Within hours of submitting my order I had an email from the proprietor of the store, informing me that he was leaving the country early in the morning, and would not be able to ship my order until he returned in three days. He said he was including several grams extra of product to compensate for the delay in shipping. I wasn’t too worried about it, so it was about a week before I checked the tracking to see where my order was. I was surprised to see that my order had already been delivered, but to my billing address in the northland rather than my shipping address here at my home-in-exile in the southland. I sent the proprietor an email informing him of this and asking that he re-send my order as it will be months before I get a chance to go back to my billing address. A couple days later, my order arrived at my correct shipping address.

I have tried to work with other companies that mis-shipped packages before, and it can be extremely hard to get them to re-send product. I was pleasantly surprised at how easy it was in this case. I was also impressed by the inclusion of extra product to compensate for a shipping delay that I probably wouldn’t have even noticed. I don’t know how many of my readers are interested in ginseng, but if you are one of them, I highly recommend you consider using the Red Ginseng Store as your source, as my experience was outstanding.

Esther 1:13-22

Then the king said to the wise men who knew the times (for this was the king’s procedure toward all who were versed in law and judgment, the men next to him being Carshena, Shethar, Admatha, Tarshish, Meres, Marsena, and Memucan, the seven princes of Persia and Media, who saw the king’s face, and sat first in the kingdom): “According to the law, what is to be done to Queen Vashti, because she has not performed the command of King Ahasuerus delivered by the eunuchs?”  Then Memucan said in the presence of the king and the officials, “Not only against the king has Queen Vashti done wrong, but also against all the officials and all the peoples who are in all the provinces of King Ahasuerus. For the queen’s behavior will be made known to all women, causing them to look at their husbands with contempt, since they will say, ‘King Ahasuerus commanded Queen Vashti to be brought before him, and she did not come.’ This very day the noble women of Persia and Media who have heard of the queen’s behavior will say the same to all the king’s officials, and there will be contempt and wrath in plenty. If it please the king, let a royal order go out from him, and let it be written among the laws of the Persians and the Medes so that it may not be repealed, that Vashti is never again to come before King Ahasuerus. And let the king give her royal position to another who is better than she. So when the decree made by the king is proclaimed throughout all his kingdom, for it is vast, all women will give honor to their husbands, high and low alike.”  This advice pleased the king and the princes, and the king did as Memucan proposed.  He sent letters to all the royal provinces, to every province in its own script and to every people in its own language, that every man be master in his own household and speak according to the language of his people.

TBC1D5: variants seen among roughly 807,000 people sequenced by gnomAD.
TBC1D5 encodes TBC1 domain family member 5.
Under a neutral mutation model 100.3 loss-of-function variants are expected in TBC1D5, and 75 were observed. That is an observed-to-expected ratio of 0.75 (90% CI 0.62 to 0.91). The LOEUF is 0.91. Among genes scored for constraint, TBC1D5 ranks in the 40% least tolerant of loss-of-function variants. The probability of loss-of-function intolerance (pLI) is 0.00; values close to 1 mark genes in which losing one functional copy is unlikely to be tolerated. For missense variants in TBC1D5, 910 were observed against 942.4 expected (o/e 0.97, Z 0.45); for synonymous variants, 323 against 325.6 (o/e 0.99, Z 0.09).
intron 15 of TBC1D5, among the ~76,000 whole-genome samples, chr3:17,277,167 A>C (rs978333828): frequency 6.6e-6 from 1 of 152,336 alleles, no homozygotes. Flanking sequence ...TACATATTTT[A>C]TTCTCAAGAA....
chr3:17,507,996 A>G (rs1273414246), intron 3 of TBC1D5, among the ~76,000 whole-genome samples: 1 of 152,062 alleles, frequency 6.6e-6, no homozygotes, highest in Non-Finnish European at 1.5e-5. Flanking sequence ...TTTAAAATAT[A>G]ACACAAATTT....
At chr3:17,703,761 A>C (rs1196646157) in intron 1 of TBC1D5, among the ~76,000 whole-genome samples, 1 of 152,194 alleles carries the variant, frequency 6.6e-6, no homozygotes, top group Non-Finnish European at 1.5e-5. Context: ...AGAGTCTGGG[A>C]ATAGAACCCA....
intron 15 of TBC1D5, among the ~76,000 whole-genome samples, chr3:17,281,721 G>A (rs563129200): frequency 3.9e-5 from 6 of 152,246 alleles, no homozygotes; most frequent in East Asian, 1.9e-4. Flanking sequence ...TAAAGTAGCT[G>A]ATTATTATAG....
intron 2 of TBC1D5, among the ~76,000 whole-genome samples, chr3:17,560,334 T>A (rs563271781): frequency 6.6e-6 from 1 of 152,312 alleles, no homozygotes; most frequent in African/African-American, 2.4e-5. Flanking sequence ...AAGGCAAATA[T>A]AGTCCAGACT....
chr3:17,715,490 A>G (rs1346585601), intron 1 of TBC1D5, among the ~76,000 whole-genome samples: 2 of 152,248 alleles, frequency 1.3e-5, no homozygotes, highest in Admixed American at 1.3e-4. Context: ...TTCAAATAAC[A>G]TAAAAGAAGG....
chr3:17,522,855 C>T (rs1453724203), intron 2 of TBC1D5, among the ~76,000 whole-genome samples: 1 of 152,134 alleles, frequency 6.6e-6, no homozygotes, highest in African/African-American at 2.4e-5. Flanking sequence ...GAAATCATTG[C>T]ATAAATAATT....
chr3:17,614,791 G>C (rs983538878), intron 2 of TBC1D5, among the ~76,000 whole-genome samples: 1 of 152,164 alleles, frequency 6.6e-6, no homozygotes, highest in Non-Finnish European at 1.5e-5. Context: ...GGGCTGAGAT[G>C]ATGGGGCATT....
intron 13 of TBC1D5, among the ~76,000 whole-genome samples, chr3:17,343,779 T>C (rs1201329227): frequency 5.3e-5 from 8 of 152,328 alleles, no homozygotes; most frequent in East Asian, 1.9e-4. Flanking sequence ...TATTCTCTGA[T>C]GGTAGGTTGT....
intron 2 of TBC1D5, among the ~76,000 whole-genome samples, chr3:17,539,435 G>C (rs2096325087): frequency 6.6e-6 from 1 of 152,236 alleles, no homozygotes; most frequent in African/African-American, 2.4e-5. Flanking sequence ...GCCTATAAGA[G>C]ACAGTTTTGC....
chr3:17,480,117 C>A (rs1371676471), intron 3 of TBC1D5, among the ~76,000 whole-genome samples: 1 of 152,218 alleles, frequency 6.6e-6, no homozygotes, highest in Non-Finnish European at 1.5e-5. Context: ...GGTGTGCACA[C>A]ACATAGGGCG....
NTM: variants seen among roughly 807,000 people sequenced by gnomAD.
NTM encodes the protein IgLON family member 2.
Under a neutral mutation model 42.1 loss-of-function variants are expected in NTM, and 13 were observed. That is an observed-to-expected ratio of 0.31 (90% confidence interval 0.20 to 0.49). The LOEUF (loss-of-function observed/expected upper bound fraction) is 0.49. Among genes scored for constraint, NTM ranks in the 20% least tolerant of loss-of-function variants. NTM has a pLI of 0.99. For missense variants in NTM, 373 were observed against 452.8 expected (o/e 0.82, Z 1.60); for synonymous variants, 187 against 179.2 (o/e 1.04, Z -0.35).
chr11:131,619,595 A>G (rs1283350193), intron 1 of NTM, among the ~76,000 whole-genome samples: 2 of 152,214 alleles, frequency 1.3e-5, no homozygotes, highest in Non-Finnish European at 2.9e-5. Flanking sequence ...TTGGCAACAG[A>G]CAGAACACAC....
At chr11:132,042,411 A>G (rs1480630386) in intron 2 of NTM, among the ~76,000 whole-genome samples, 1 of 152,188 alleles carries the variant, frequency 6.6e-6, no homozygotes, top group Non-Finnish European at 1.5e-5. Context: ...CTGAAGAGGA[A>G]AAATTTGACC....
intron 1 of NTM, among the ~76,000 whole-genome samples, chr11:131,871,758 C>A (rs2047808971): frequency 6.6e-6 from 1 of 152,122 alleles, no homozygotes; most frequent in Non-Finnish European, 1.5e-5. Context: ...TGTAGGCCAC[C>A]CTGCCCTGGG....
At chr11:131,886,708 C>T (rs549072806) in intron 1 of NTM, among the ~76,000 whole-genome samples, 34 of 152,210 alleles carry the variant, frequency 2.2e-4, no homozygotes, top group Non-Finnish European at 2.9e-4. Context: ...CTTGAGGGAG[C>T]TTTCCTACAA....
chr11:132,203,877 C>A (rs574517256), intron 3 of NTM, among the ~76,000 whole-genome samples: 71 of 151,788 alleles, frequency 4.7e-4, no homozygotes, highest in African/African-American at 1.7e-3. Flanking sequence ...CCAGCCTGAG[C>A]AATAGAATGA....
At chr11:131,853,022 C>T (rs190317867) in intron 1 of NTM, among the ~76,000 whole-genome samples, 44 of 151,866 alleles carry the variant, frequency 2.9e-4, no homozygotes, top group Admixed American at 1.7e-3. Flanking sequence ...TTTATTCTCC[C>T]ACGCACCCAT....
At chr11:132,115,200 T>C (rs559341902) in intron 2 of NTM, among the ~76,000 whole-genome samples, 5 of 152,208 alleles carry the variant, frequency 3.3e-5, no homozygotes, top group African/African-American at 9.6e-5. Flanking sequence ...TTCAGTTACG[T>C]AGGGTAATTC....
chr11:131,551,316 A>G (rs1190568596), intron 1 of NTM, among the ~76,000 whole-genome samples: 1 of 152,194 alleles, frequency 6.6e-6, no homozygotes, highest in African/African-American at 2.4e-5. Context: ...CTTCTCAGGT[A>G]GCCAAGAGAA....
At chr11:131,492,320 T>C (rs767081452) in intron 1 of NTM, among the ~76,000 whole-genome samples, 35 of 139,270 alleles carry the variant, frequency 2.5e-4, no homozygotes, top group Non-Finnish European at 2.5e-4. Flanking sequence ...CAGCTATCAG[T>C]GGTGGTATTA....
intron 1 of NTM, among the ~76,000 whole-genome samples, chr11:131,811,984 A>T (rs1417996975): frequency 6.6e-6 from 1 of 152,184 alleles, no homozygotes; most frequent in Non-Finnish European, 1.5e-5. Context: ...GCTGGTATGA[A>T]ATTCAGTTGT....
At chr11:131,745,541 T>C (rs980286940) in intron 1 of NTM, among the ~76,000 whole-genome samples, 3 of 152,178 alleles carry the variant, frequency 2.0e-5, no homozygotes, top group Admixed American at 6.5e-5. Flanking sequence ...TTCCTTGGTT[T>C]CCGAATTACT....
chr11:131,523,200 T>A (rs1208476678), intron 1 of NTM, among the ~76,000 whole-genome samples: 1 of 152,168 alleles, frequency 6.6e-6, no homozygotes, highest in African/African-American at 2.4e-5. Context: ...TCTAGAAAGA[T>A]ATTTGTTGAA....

Book Review: Mad, Bad, and Dangerous to Know by Ranulph Fiennes

My third read this year was a departure from the economic/personal finance theme of the last two. Mad, Bad, and Dangerous to Know was a solid autobiography written in a matter-of-fact style. Whether writing about his SAS experiences, or his polar expeditions, or his insane marathon challenge, or his climb of the North Face, or cutting his frostbit fingers off with a vise and hacksaw, you never get the sense that Fiennes is bragging. He relates the stories as casually as if these are things that everyone does. In fact, it becomes easy to forget how extraordinary some of his stories are–you set the book down, and an hour later go “holy shit, that dude’s insane!”

Oddly, I found the stories of the polar expeditions less intriguing than I would have expected, though I found other aspects of his life captivating. It was a good reminder that life is what you make it, and that if your life lacks adventure it is because you avoid it due to it often presenting itself as trouble. For the average adventurer, I recommend it, but the person with specific interest in polar travel will find it far more intriguing.